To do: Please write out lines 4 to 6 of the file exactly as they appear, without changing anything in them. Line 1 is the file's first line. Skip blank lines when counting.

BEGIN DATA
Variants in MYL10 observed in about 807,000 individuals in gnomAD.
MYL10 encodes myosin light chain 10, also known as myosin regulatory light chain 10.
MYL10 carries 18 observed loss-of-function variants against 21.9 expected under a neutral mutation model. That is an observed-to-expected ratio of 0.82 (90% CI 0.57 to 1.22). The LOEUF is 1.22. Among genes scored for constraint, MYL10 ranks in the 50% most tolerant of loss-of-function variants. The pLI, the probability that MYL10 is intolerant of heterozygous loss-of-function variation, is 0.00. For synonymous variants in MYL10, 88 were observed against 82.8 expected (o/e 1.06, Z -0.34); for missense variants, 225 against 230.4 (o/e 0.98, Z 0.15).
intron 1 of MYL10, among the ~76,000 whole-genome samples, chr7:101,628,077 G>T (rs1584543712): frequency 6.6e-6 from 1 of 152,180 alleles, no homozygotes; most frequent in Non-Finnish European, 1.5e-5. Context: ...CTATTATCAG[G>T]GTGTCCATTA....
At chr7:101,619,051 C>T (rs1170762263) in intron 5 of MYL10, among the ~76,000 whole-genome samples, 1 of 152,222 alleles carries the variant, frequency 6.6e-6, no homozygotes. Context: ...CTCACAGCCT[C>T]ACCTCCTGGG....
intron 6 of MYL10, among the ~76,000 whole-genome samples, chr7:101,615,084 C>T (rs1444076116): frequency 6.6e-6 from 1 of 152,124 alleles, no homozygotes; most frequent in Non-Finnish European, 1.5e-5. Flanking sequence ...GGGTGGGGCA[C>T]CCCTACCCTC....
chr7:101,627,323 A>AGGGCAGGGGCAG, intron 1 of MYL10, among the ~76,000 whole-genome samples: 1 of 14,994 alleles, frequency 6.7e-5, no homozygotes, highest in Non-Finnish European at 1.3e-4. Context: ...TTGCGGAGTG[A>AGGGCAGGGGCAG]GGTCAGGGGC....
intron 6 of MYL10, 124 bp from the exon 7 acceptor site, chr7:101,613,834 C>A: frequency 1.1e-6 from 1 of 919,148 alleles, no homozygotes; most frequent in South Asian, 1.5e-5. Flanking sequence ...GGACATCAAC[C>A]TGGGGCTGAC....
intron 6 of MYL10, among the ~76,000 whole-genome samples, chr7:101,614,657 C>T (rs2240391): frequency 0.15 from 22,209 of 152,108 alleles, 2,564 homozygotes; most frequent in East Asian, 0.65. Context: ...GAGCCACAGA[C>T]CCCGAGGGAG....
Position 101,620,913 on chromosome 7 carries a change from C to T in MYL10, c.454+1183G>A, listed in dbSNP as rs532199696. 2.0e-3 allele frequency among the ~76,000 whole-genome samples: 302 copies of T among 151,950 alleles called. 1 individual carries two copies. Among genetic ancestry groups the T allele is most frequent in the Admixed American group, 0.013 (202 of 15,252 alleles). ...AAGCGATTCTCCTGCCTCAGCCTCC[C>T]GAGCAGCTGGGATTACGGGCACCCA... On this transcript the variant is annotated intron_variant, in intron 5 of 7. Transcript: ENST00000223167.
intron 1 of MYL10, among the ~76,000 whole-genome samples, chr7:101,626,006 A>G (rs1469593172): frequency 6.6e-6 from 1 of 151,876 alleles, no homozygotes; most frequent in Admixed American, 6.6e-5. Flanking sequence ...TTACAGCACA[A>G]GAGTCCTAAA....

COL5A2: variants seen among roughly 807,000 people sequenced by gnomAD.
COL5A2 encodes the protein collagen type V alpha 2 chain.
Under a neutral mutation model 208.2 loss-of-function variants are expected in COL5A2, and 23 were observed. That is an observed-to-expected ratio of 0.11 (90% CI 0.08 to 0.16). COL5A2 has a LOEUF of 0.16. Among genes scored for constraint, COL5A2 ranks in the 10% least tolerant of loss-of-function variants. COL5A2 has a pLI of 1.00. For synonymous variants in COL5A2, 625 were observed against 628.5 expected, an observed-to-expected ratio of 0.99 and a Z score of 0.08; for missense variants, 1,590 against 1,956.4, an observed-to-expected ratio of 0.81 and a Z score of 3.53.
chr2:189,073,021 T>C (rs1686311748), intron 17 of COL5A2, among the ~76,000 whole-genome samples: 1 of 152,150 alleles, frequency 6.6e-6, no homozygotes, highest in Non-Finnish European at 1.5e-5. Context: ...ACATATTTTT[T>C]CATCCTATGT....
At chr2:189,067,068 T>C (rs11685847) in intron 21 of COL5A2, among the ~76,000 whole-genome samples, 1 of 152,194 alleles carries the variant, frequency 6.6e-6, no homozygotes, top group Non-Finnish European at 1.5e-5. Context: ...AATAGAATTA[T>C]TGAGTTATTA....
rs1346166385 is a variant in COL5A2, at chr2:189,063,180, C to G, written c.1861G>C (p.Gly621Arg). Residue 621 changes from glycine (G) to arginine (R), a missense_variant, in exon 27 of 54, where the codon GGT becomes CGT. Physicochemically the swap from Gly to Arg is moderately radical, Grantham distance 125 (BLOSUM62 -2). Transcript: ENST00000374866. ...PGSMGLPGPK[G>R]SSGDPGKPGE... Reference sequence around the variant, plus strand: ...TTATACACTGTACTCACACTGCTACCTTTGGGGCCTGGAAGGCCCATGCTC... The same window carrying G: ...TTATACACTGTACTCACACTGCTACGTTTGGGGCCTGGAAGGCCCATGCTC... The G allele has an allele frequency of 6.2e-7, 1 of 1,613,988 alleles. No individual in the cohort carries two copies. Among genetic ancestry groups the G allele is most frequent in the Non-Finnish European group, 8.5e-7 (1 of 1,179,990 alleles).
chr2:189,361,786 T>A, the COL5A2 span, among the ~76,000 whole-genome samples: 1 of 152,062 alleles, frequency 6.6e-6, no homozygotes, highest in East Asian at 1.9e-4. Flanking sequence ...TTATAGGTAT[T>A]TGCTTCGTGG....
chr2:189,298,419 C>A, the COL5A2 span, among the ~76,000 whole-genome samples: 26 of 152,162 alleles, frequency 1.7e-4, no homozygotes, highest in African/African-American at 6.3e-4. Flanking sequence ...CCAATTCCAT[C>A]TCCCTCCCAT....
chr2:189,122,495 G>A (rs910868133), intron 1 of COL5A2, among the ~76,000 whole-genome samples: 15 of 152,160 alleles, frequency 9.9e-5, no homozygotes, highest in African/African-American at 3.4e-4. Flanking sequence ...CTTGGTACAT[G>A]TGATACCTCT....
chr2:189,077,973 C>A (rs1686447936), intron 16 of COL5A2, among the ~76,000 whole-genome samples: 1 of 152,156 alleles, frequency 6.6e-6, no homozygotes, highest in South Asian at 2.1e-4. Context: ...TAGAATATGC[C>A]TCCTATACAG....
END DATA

intron 1 of MYL10, among the ~76,000 whole-genome samples, chr7:101,628,077 G>T (rs1584543712): frequency 6.6e-6 from 1 of 152,180 alleles, no homozygotes; most frequent in Non-Finnish European, 1.5e-5. Context: ...CTATTATCAG[G>T]GTGTCCATTA....
At chr7:101,619,051 C>T (rs1170762263) in intron 5 of MYL10, among the ~76,000 whole-genome samples, 1 of 152,222 alleles carries the variant, frequency 6.6e-6, no homozygotes. Context: ...CTCACAGCCT[C>T]ACCTCCTGGG....
intron 6 of MYL10, among the ~76,000 whole-genome samples, chr7:101,615,084 C>T (rs1444076116): frequency 6.6e-6 from 1 of 152,124 alleles, no homozygotes; most frequent in Non-Finnish European, 1.5e-5. Flanking sequence ...GGGTGGGGCA[C>T]CCCTACCCTC....